Insights Tough new rules on gambling advertisements

Following the Advertising Standards Agency (the “ASA”) consultation in October 2020 on new and strengthened rules and guidance aimed at protecting under-18s and vulnerable people in the UK from potential gambling advertising related harm, the Committee for Advertising Practice (“CAP”) announced today the introduction of tough new rules, which will come into effect on 1 October 2022, for gambling advertisements.

Under current rules, gambling ads must not be of “particular appeal” to children. Under the new rules, the test will be strengthened so that gambling advertisings must not be “be likely to be of strong appeal to children or young persons, especially by reflecting or being associated with youth culture.” The practical consequence of this is that gambling ads will be severely restricted from using topflight footballers and footballers with a considerable following among under-18 on social media as well as sportspeople well-known to under-18s and celebrities popular amongst under-18s (such as stars from reality tv shows such as Love Island).

At the time the ASA issued its consultation in October 2020, we commented on the impact the new rules would have on endorsement deals (please see our full commentary, here). The reality now is that the days of celebrity endorsement deals for gambling ads are seemingly coming to an end – Shariar Coupal, Director of CAP, issued the following statement confirming the position:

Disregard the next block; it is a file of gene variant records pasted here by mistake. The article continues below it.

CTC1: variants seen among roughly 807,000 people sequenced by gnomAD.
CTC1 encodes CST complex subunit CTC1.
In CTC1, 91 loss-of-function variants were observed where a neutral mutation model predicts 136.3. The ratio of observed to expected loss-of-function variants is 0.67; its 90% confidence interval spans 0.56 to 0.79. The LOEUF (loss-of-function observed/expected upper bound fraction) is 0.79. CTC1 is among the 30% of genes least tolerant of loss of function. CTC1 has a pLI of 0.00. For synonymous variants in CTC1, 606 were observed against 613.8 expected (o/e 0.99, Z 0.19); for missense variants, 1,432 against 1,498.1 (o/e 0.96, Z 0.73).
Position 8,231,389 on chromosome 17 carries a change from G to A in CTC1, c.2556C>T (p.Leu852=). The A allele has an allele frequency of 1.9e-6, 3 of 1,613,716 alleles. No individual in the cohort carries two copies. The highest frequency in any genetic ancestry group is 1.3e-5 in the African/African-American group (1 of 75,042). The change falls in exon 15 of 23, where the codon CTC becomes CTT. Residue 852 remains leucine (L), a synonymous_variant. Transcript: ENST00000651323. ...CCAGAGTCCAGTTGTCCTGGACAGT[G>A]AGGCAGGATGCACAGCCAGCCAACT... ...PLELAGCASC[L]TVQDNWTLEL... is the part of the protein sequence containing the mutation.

The days of gambling ads featuring sports stars, video game imagery and other content of strong appeal to under-18s are numbered. By ending these practices, our new rules invite a new era for gambling ads, more particular to the adult audience they can target and more befitting of the age-restricted product they’re promoting.”

The October 2022 launch date for the new rules falls a month before the 2022 FIFA World Cup in Qatar which will of course have a dramatic impact on the usual marketing push and type of gambling ads operators would spend on in the run up to the event.

What is clear is that we are entering into a new era of gambling ads where marketers must be able to satisfy themselves to a “high degree of confidence” that their ad is unlikely to appeal strongly to under-18s before the ad is published.

The new guidance sets out a helpful checklist for gambling advertisers and categorises some of the high-risk content/approaches. From this, it is particularly worth noting that:

  • in the event that the ASA investigates a potential breach of the strong appeal requirement, it will expect to see a detailed assessment as to why the marketer considered the ad would not appeal strongly to under-18s;
  • content related to eSports popular with under-18s or themes/features like loot boxes or skins is considered ‘high risk’ and should be avoided;
  • football and eSports popular with the under-18s are called out as activities of inherently strong appeal and so betting ads for the same will fall under the prohibition unless appropriate steps have been taken to limit the potential for the ad to appeal strongly to under-18s – the ASA suggests ways in which this might be achieved; for example, audio references to the activity as opposed to imagery or team names and/or logos as opposed to the use of people or characters (the scope of use of such is severely reduced and should be considered very carefully alongside the ASA’s more detailed guidance on the use of persons and characters); and
  • there is still a targeting exemption, though as we have come to accept, this requires that those aged under 18 years are excluded from the audience of an ad and this will require robust age verification of the potential recipients.

The full guidance document can be accessed here.